Skip to content

HTTPS clone URL

Subversion checkout URL

You can clone with
or
.
Download ZIP

@class

nene edited this page · 27 revisions

(Updated for JSDuck 4)

Synopsis:

@class
Documentation for the class.

@class ClassName
Documentation for the class.

Documents the name of the class; or leaves the name for auto-detection and forces the documented entity to be treated as class.

Example:

/**
 * @class Ext.Component
 * @extends Ext.AbstractComponent
 * Base class for all Ext components.
 */

Auto-detection

This tag is auto-detected when doc-comment is right above Ext.define. The following code is equivalent of the above one:

/**
 * Provides searching of Components.
 */
Ext.define("Ext.Component", {
    extend: "Ext.AbstractComponent",
    ...
});

Note: When no extend: or @extends used with Ext.define, the parent class will default to Ext.Base. When not using Ext.define the parent class will default to Object.

Auto-detection of Ext3 style class definition with Ext.extend is also supported:

/**
 * Provides searching of Components.
 */
Ext.Component = Ext.extend(Ext.AbstractComponent, {
    ...
});

Finally a class will be detected when doc-comment is before a variable looking like a class name. This code is again equivalent to the above ones:

/**
 * A simple class.
 * @extends Ext.AbstractComponent
 */
Ext.Component = function() {
};

Function declaration works too. Here a Component class extending Object will be detected:

/**
 * A simple class.
 */
function Component() {
}

But when the last part of the name begins with a lowercase letter, class auto-detection fails:

/**
 * I meant this to be a class, but JSDuck thinks it's not.
 */
Ext.supports = {};

In such case use the @class tags to force JSDuck treat it as class:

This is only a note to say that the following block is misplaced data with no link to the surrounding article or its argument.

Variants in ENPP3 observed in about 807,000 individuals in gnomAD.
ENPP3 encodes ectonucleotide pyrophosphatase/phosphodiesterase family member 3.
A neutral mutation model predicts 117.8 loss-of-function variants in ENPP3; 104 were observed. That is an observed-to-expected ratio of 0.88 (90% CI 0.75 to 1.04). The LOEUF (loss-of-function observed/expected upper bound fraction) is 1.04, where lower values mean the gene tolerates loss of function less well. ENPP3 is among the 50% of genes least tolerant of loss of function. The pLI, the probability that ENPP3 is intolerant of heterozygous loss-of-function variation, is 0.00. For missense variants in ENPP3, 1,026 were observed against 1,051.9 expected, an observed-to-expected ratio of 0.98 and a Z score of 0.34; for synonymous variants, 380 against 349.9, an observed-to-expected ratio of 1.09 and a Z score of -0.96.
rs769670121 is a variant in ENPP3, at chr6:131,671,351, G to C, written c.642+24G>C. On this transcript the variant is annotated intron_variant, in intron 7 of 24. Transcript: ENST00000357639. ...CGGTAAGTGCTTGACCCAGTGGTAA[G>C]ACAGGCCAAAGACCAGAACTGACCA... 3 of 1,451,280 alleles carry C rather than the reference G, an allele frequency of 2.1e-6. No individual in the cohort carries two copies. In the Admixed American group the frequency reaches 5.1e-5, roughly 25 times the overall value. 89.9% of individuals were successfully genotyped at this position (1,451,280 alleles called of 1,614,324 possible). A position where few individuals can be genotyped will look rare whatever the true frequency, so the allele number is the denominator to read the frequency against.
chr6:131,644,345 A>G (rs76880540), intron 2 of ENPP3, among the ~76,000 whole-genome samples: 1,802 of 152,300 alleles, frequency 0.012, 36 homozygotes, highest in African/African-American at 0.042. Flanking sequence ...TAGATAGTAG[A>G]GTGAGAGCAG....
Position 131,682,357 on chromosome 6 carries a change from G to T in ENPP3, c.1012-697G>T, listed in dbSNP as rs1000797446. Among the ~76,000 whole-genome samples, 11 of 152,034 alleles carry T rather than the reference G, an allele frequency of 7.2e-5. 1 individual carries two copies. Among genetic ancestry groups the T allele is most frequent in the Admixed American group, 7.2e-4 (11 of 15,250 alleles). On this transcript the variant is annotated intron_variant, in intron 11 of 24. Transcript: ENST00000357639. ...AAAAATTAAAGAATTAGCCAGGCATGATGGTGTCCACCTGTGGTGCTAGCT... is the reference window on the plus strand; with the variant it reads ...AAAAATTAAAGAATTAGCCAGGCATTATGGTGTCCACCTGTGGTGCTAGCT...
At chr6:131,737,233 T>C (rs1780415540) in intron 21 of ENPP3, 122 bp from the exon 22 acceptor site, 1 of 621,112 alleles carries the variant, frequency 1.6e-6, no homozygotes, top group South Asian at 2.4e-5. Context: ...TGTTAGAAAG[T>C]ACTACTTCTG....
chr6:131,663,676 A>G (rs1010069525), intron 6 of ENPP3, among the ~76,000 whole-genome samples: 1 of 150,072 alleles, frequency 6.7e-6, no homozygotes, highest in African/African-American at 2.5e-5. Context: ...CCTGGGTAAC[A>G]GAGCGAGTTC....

/**
 * @class
 * I'm a class now.
 */
Ext.supports = {};

@constructor tag inside class

This use is deprecated. See @constructor for details.

@cfg tags inside class

For backwards compatibility with old ext-doc the class documentation may contain @cfg tags:

/**
 * @class Ext.Panel
 * The one-and-only panel class.
 *
 * @cfg {Boolean} hidden
 * True if panel should be hidden at first.
 * @cfg {String} title
 * Text to use as the title of the panel.
 */

Instead of doing this, JSDuck recommends you document each configuration option separately:

/**
 * @class Ext.Panel
 * The one-and-only panel class.
 */

    /**
     * @cfg {Boolean} hidden
     * True if panel should be hidden at first.
     */
    /**
     * @cfg {String} title
     * Text to use as the title of the panel.
     */

The code is a bit longer, but it's now consistent with how other members are documented, plus it allows using additional tags like @private on each config option separately.

Other tags inside class

The following tags are specifically meant to be used inside class documentation:

Also the following tags work in class context:

Class members

Class members (configs, properties, methods, events) are automatically assigned to the class after which they appear in the source code. It's best to explain with an example:

/**
 * @property
 * Current height of the Panel.
 */
Ext.Panel.prototype.height = 0;

/**
 * The one-and-only panel class.
 */
Ext.define("Ext.Panel", {
    /**
     * @cfg {String}
     * Text to use as the title of the panel.
     */